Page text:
Monday, October 15, 2012

Schmookler/Goodlatte "debate"

The incumbent, Bob Goodlatte, and his challenger, Andy Schmookler, met in their second debate this morning at Turner Ashby High School in Bridgewater, VA. Rain showers were passing through as folks arrived at the school. The parking lot and sidewalks were lined with yard signs for each man - both use a blue/white theme - in about equal numbers. Inside the auditorium some rows were set aside for area high school students invited to attend - Eastern Mennonite HS, Spotswood HS, and Broadway HS - in addition to Turner Asby HS students who helped organize the event. I'd say the auditorium was about 85% filled and, based on the applause at the end, roughly equally divided between Schmookler and Goodlatte supporters.

After sound checks and other preliminaries, the "debate" started on time. Yes, I guess it was a debate, but due to constraints of the rules and all of the questions being presented by student panelists from the various schools it was hardly a debate that shed much new light on issues. Each candidate gave opening and closing statements of three minutes in length. Questions were directed to candidates in an alternating fashion with a one minute answer, a two minute rebuttal, and a one minute rebuttal to the rebuttal. Not much time to delve into the questions with any depth! There were no followups nor could the candidates question each other. I applaud the students' presence and participation, but this format made it more a joint campaign appearance than a debate.

Goodlatte's opening statement sounded his theme for the day - promote jobs and the economy by cutting taxes and regulations and reducing the debt. In nearly each answer to every question Goodlatte returned to these themes even if it meant few specifics or dodging the essence of the question.

Schmookler's opening statement returned to his often repeated belief that dishonesty in politics and a government captured by the monied interests has damaged our government of, by, and for the people. He revisited these ideas as he talked about government's role in advancing social mobility, promoting equality, and supporting a strong middle class.

The student generated questions asked about the cost of higher education, Social Security, fracking and uranium mining in the commonwealth, defense spending, transportation, health care, and the Dream Act. Several of highlights from where my perch:
  • Bob Goodlatte doesn't seem too supportive on much of a federal role to with the cost of higher education punting it mostly back on the institutions. Schmookler believes educational opportunity helps achieve the American Dream and upward social mobility.
  • On Social Security Schmookler believes tweaking and adjusting the system will keep it viable for decades to come. Goodlatte did say he would not support privatization but most of his response was about the debt.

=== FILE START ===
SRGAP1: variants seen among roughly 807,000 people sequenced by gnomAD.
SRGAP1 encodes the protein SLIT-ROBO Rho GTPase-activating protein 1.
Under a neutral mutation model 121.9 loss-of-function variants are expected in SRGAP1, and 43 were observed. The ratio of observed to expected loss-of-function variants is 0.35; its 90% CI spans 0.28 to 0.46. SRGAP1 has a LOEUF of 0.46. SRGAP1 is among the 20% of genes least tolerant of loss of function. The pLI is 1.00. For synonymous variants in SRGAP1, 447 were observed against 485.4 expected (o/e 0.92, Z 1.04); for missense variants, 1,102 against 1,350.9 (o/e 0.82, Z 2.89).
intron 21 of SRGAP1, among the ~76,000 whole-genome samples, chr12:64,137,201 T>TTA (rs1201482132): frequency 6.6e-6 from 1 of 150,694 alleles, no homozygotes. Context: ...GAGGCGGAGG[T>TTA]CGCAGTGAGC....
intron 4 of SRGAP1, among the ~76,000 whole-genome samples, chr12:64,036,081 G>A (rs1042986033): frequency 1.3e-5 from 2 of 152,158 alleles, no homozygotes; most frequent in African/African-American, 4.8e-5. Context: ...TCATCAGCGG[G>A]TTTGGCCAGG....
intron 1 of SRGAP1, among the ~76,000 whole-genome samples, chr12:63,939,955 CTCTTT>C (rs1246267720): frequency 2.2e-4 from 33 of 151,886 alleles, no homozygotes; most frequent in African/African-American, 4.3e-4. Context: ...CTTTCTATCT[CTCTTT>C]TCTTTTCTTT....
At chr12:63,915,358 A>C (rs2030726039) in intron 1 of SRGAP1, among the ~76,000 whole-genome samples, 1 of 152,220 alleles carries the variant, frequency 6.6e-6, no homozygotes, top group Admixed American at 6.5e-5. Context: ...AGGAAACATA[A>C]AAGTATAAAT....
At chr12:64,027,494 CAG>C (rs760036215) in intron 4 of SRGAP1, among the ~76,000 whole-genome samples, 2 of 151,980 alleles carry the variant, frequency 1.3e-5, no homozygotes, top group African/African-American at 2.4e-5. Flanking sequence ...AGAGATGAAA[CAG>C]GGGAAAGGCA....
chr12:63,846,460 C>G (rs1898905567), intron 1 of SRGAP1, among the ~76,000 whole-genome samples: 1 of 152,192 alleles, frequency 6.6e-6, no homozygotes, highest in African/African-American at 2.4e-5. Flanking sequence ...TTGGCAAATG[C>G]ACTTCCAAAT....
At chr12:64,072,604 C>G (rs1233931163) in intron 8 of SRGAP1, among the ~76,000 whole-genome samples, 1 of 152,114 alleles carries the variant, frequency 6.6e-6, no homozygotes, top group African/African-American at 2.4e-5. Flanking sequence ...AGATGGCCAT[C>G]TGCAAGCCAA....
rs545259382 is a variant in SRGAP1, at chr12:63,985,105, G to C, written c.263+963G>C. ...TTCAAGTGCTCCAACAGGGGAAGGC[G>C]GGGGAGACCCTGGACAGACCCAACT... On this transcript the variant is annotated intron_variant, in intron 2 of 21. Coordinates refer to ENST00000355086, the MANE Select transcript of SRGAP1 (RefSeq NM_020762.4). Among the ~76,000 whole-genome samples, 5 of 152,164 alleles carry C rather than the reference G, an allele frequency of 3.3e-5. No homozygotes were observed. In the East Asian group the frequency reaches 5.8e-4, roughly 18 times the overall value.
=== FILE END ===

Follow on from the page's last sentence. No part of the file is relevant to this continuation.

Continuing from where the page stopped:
• Neither man addressed uranium mining but there was a clear difference on fracking with Goodlatte basically in the industry corner and Schmookler calling for an end to the Halliburton Exemption and (while responding to the next question on defense) pointing to Goodlatte as a climate change denier.
  • Schmookler questioned why the U.S. spends as much as the rest of the world combined on defense. Goodlatte didn't seem overly interested in significant defense cuts but he used the opportunity to get a zinger in on entitlements.
  • On transportation Goodlatte talked of "limited resources" and launched an attack on ObamaCare. Schmooker accused Goodlatte of voting against important transportation bills and said that, if elected, he'd understand the important difference between spending and investing - and he's support infrastructure investment as a way to create jobs now and a stronger country in the future.
  • Schmookler accused Goodlatte and the GOP of dropping the ball and/or opposing heath care reform for the last quarter century. For his part the congressman only said that ObamaCare is a budget buster and he cited some examples of health legislation he'd supported.
One takeaway for me is that Andy Schmooker is a big thinker who does indeed transcend partisan politics. He sees and understands interconnections and causes and effects. Unfortunately, a "debate" such as this and political discourse in general is not conducive to discussing big ideas.

Bob Goodlatte spent considerable time, without saying it directly, of preempting criticism that he is a hyper-partisan member of Congress. On a number of occasions he bent over backwards (almost to the point of kissing his own butt) to talk about his bipartisan "creds." It sounded good but that was a hyper-imagination at work - there is good reason this blog has referred to him as Bobblehead Bob for a long time. On issue after issue he nods his agreement with his GOP puppet masters.

I was seated behind the area reserved for Goodlatte's family and close friends and the bobblehead thing must be dominant in the Republican gene pool - I smiled more than once as 4 or 5 of them would nod, in perfect synchronization, to Bob's talking points. Even more impressive was their ability to shake their heads in perfect choreography when Schmookler said something they didn't like. It put a bold accent on Schmookler's using the famous Will Rogers quote to emphasize his desire to work across party lines to find common ground, "I belong to no organized political party; I am a Democrat."

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